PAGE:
In order to increase public knowledge and raise awareness about sickle cell disease (SCD) and the struggles patients and their families go through, June 19 is observed as “World Sickle Cell Disease (SCD) Day” across the globe. Sponsored by the United Nations, the campaign goal is to heighten the awareness of SCD among the general public, government policymakers, public authorities, industry representatives, scientists and healthcare professionals. Also known as sickle cell anemia, SCD is an inherited blood disorder – wherein there is not enough healthy red blood cells to carry adequate oxygen throughout the body. In normal cases, the flexible, round blood cells move easily through blood vessels. However, people with SCD will have abnormal levels of hemoglobin (the oxygen-carrying protein found in red blood cells) levels. In this type of disease, the red blood cells are shaped like sickles and appear rigid and sticky and get stuck in small blood vessels. This can slow or block blood flow and oxygen to parts of the body. There is no specific cure for sickle cell anemia. However, several treatment modalities can help reduce pain and prevent complications associated with the disease. For accurate clinical documentation of this inherited blood disorder, physicians can consider utilizing the services of professional medical billing and coding companies.
As per reports from the World Health Organization (WHO) (2019 statistics), about 300,000 babies are born with severe hemoglobin disorders every year. The Centers for Disease Control and Prevention (CDC) point out that SCD affects approximately 100,000 Americans. It is estimated that about 1 in 13 Black or African-American babies are born with sickle cell trait (SCT). A defective gene (called a sickle cell gene) is the primary cause associated with the condition.
The 2021 campaign aims to educate people about real-life patient stories in an effort to overcome stigmas and clear up misconceptions about SCD. It aims to spread awareness about the different signs and symptoms associated with the condition and highlight the different ways to provide the right support to the affected population. People with the disease are born with two sickle cell genes, one from each parent. For a baby to be born with sickle cell anemia, both parents must carry a sickle cell gene. Signs and symptoms of SCD vary from one person to another and change over time. Common signs and symptoms of SCD include – anemia, periodic episodes of pain (called crises), frequent infections, delayed growth, painful swelling of the hands and feet, and vision problems. If left untreated or becomes severe, the condition can lead to a host of complications such as – organ damage, pulmonary hypertension, gall stones, acute chest syndrome, stroke, leg ulcers and blindness.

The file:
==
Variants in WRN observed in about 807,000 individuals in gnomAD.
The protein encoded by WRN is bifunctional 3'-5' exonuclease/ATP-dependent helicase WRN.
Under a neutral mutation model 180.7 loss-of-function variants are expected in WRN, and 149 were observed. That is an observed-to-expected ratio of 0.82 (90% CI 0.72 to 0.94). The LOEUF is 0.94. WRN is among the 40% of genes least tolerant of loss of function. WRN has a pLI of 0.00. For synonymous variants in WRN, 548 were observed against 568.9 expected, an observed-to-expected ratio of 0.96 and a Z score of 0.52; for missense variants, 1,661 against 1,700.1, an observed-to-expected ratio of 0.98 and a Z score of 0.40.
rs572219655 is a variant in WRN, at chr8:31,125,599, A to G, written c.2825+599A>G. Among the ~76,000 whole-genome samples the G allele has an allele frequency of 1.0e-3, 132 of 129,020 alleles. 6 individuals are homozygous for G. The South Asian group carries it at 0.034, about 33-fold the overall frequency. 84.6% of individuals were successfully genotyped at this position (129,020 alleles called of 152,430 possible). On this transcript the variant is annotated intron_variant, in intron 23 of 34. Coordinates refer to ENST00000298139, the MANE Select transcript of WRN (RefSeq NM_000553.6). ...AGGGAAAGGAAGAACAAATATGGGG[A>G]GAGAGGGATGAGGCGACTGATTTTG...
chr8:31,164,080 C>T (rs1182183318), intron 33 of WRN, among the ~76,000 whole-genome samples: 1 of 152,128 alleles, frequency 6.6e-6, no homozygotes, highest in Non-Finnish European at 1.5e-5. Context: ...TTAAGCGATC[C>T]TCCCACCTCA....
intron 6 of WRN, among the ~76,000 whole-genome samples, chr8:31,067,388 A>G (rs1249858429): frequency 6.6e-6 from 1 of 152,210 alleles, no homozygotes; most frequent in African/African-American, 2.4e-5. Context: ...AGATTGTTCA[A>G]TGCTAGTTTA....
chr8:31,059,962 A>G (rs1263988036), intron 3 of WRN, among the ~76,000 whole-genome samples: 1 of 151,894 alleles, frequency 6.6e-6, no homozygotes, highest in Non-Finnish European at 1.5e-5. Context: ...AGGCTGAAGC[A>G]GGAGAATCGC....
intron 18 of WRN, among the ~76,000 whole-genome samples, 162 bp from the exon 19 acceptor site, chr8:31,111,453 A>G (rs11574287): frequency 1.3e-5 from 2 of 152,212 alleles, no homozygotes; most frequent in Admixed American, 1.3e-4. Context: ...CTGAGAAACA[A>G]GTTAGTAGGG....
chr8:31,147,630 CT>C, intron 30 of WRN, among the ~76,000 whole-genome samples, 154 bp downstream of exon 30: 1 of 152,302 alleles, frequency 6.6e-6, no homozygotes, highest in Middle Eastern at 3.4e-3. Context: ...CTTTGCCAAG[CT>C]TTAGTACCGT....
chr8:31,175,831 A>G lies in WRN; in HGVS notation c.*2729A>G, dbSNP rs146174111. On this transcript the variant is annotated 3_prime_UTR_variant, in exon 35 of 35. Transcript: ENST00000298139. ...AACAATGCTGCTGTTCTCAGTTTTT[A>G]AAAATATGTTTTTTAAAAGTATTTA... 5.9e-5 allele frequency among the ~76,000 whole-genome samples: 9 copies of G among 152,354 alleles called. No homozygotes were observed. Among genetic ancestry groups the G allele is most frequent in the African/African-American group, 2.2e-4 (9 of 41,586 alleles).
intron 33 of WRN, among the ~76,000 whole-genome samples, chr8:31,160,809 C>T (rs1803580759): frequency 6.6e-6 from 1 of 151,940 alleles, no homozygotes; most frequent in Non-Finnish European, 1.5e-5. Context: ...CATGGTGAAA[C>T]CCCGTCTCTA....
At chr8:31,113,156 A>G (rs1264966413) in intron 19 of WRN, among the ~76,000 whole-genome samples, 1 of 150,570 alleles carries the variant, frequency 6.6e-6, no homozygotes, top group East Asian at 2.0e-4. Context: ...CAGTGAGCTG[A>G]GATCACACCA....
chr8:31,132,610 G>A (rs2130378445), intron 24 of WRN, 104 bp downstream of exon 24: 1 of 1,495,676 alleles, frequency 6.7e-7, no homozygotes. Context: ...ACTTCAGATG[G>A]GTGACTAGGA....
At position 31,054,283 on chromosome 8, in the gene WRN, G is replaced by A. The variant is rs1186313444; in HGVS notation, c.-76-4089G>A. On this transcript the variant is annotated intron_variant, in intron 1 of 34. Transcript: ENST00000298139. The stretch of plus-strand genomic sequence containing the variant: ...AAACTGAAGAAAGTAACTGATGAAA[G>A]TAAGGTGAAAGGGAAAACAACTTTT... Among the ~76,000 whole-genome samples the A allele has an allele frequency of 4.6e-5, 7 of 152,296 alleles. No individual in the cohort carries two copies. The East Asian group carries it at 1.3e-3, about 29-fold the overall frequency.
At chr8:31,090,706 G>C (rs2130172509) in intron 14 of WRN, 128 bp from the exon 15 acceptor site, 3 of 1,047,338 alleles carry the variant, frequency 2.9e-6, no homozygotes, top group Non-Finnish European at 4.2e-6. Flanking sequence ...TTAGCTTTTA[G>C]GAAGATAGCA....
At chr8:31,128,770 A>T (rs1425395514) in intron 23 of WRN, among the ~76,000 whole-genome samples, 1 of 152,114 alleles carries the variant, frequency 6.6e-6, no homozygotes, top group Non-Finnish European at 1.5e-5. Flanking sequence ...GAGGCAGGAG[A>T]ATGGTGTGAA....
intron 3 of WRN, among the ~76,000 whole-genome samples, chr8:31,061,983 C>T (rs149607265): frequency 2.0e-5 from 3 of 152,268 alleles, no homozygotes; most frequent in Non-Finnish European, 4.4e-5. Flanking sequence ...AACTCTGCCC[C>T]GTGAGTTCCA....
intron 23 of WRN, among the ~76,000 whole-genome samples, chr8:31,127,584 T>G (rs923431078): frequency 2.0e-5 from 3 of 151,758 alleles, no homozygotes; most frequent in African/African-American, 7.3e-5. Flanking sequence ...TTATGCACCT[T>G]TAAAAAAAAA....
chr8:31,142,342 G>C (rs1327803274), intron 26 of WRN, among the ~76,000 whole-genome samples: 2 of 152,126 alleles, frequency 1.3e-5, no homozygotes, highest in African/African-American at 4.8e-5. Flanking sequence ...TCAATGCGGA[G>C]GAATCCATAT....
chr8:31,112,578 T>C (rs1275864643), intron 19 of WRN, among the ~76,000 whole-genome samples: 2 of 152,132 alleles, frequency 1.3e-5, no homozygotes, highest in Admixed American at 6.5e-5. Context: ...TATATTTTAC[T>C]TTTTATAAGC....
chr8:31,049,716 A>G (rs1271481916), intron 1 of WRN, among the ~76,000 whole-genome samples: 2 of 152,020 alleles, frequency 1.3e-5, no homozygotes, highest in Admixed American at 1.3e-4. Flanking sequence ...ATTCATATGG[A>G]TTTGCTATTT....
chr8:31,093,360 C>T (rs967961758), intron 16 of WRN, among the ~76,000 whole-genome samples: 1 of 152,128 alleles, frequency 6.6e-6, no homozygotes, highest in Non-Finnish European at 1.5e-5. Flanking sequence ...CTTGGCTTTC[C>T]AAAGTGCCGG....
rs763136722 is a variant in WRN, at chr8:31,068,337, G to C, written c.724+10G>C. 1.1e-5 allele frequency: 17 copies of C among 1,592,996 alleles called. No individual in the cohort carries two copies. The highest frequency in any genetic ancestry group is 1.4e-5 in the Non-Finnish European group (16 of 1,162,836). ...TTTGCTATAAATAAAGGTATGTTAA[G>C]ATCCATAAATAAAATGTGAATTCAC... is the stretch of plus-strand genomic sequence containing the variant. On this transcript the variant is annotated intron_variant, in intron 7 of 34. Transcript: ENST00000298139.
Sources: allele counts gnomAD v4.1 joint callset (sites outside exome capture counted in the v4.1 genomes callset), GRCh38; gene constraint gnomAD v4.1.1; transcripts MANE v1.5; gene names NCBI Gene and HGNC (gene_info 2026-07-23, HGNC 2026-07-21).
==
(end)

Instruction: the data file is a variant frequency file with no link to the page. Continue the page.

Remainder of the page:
Initial diagnosis of SCD will begin with a blood test to check for hemoglobin S (the defective form of hemoglobin that underlies sickle cell anemia). Generally, this blood test is part of the routine newborn screening done at the hospital (at the time of childbirth) in the United States. However, older children and adults can also undergo the test. In case of adults, a blood sample is drawn from a vein in the arm. In young children and babies, the blood sample is usually collected from a finger or the heel. If a parent or child has sickle cell anemia, the physician may request additional tests to check for possible complications of the disease. People who are planning to have children can have the test to find out how likely the chances will be for their children to have SCD. Physicians in such cases can diagnose SCD before a baby is born. The test uses a sample of amniotic fluid (the liquid in the sac surrounding the baby) or tissue taken from the placenta (the organ that brings oxygen and nutrients to the baby) to look for SCD.